“Do we want to end homelessness or not?”
TThe idea of ââconverting hotels and motels into lodgings is not new. But the pandemic – which has plunged hotel occupancy rates to 37% and interest rates to all-time low – has turned out to be an opportunity.
âThe prices were really high when we looked at this four or five years ago for homeless veterans,â said Douglas Guthrie, president and CEO of the City of Los Angeles Housing Authority. âWhen Covid-19 hit, a lot of these homestead places had serious financial problems, so the prices went down and became much more reasonable. “
Many hotels were already in trouble before the pandemic hit, thanks to the rise of AirBnb. And the American Hotel and Lodging Association doesn’t expect the industry to recover from the pandemic until 2024.
The trend towards converting hotels is therefore booming. And it’s not just high-cost cities that are seeing vacant hotels as a potential solution to the housing shortage: A community land trust converted a Baymont Inn and Suites in Essex Junction, Vt., Into housing using the federal coronavirus relief funds and hotels in such remote cities as Branson, Missouri, and Kissimmee, Fla., have been redeveloped into workforce housing with private funding.
“The economic drivers are there to keep this trend going – housing affordability, which is driving up demand for rental housing, and housing shortage in general,” said Gay Cororaton, senior economist and research director at housing and commerce at NAR. , which released a report on converting vacant hotels to multi-family homes earlier this year.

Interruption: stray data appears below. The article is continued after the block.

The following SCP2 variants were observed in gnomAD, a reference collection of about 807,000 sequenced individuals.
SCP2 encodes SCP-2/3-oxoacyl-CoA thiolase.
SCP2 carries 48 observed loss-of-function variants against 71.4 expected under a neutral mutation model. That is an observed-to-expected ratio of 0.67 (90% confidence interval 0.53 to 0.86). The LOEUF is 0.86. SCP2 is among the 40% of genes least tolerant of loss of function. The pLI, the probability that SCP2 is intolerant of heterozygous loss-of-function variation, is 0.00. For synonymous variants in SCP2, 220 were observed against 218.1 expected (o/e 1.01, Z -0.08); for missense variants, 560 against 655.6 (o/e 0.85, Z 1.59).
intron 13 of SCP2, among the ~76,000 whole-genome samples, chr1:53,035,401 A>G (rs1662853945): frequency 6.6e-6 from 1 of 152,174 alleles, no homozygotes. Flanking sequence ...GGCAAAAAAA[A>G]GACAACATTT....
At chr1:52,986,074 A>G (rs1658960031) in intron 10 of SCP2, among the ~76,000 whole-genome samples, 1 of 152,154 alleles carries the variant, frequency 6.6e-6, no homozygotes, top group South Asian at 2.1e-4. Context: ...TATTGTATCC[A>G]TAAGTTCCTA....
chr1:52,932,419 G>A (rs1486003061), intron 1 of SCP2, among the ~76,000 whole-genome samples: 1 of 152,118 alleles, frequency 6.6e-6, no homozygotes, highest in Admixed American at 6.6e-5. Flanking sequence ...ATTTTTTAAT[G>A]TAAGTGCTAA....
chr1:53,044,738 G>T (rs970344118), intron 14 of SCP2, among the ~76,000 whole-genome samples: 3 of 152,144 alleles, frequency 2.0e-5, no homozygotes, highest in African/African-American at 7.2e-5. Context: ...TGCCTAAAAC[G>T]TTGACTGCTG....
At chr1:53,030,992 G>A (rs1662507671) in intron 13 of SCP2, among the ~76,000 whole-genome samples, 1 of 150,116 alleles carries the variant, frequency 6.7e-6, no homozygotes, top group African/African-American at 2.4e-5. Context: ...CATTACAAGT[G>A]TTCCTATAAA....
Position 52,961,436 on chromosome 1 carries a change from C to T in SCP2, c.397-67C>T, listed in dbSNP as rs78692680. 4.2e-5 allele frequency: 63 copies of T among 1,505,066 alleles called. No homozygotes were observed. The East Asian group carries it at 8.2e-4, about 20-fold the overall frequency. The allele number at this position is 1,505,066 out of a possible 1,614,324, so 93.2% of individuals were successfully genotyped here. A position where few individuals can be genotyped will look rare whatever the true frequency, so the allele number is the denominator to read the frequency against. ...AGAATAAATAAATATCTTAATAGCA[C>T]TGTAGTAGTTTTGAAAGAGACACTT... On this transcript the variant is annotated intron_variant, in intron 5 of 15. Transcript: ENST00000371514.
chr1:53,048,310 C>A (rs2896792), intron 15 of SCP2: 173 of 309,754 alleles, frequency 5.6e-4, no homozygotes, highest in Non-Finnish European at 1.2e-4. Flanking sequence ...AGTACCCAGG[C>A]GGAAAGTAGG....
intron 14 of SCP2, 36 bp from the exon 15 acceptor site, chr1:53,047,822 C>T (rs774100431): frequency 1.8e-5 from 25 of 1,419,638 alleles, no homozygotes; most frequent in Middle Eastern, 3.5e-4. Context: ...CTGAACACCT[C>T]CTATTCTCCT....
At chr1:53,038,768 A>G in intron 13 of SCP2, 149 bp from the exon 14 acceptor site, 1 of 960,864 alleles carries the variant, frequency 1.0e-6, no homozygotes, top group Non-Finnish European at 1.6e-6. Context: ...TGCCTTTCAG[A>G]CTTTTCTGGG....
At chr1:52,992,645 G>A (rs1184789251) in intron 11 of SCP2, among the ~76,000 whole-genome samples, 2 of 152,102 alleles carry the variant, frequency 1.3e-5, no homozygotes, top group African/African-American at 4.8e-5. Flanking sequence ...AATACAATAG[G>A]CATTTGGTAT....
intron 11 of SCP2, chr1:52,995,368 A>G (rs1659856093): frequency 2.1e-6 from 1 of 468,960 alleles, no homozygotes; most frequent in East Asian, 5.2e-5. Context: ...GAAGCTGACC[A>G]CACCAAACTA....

These factors also continue to increase homelessness, including in California. The government’s annual tally to assess the number of homeless people on any given night has been canceled this year due to the pandemic, so it’s unclear exactly how the crisis has affected homelessness rates.
But encampments have grown in major cities across California and nationwide, though it’s unclear how much this boils down to new visibility following CDC guidelines urging officials not to clean up settlements. during the pandemic.
Homekey boosters readily admit the program was never going to solve the state’s homelessness problem:. “
Washington was sufficiently impressed with the approach to establish a new $ 5 billion homelessness program at HUD in the March Relief Program which includes money for “the purchase and development of” non-collective shelters â.
Ross, who oversaw the Homekey project before being appointed to his current role overseeing California’s use of funding under the new HUD program, admitted that the economics of conversions could change in the future. – interest rates are already on the rise, many hotels will return to normal. occupation, political emphasis on homelessness may fade – but said “we can really deploy these tools in different ways and still have very meaningful results.”
âJust because we’re not on the same pandemic and lockdown level as we were last year doesn’t mean we can’t be successful yet,â Ross added.